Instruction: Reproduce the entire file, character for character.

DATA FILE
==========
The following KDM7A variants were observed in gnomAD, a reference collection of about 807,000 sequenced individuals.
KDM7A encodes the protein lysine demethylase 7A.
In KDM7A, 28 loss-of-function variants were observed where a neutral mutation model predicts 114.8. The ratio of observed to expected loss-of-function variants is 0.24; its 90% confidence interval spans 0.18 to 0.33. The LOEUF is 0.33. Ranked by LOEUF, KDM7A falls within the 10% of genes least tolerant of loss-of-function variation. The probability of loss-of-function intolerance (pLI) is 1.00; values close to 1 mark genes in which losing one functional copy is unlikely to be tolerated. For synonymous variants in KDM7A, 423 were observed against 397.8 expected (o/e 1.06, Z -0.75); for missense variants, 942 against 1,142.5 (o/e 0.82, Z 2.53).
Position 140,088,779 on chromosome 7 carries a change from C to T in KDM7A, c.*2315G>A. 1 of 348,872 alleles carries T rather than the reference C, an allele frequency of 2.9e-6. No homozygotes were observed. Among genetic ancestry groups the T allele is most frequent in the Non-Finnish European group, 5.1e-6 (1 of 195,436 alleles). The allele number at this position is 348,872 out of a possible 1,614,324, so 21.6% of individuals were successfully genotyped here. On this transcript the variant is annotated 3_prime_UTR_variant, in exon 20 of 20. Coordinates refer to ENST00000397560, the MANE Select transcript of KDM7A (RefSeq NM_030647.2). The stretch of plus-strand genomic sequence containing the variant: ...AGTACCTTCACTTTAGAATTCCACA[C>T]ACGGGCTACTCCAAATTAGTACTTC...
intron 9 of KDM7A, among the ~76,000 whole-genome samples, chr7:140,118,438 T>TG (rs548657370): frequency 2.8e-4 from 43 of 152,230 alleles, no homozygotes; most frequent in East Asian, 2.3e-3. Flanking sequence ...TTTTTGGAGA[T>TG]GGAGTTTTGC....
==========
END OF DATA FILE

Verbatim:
The following KDM7A variants were observed in gnomAD, a reference collection of about 807,000 sequenced individuals.
KDM7A encodes the protein lysine demethylase 7A.
In KDM7A, 28 loss-of-function variants were observed where a neutral mutation model predicts 114.8. The ratio of observed to expected loss-of-function variants is 0.24; its 90% confidence interval spans 0.18 to 0.33. The LOEUF is 0.33. Ranked by LOEUF, KDM7A falls within the 10% of genes least tolerant of loss-of-function variation. The probability of loss-of-function intolerance (pLI) is 1.00; values close to 1 mark genes in which losing one functional copy is unlikely to be tolerated. For synonymous variants in KDM7A, 423 were observed against 397.8 expected (o/e 1.06, Z -0.75); for missense variants, 942 against 1,142.5 (o/e 0.82, Z 2.53).
Position 140,088,779 on chromosome 7 carries a change from C to T in KDM7A, c.*2315G>A. 1 of 348,872 alleles carries T rather than the reference C, an allele frequency of 2.9e-6. No homozygotes were observed. Among genetic ancestry groups the T allele is most frequent in the Non-Finnish European group, 5.1e-6 (1 of 195,436 alleles). The allele number at this position is 348,872 out of a possible 1,614,324, so 21.6% of individuals were successfully genotyped here. On this transcript the variant is annotated 3_prime_UTR_variant, in exon 20 of 20. Coordinates refer to ENST00000397560, the MANE Select transcript of KDM7A (RefSeq NM_030647.2). The stretch of plus-strand genomic sequence containing the variant: ...AGTACCTTCACTTTAGAATTCCACA[C>T]ACGGGCTACTCCAAATTAGTACTTC...
intron 9 of KDM7A, among the ~76,000 whole-genome samples, chr7:140,118,438 T>TG (rs548657370): frequency 2.8e-4 from 43 of 152,230 alleles, no homozygotes; most frequent in East Asian, 2.3e-3. Flanking sequence ...TTTTTGGAGA[T>TG]GGAGTTTTGC....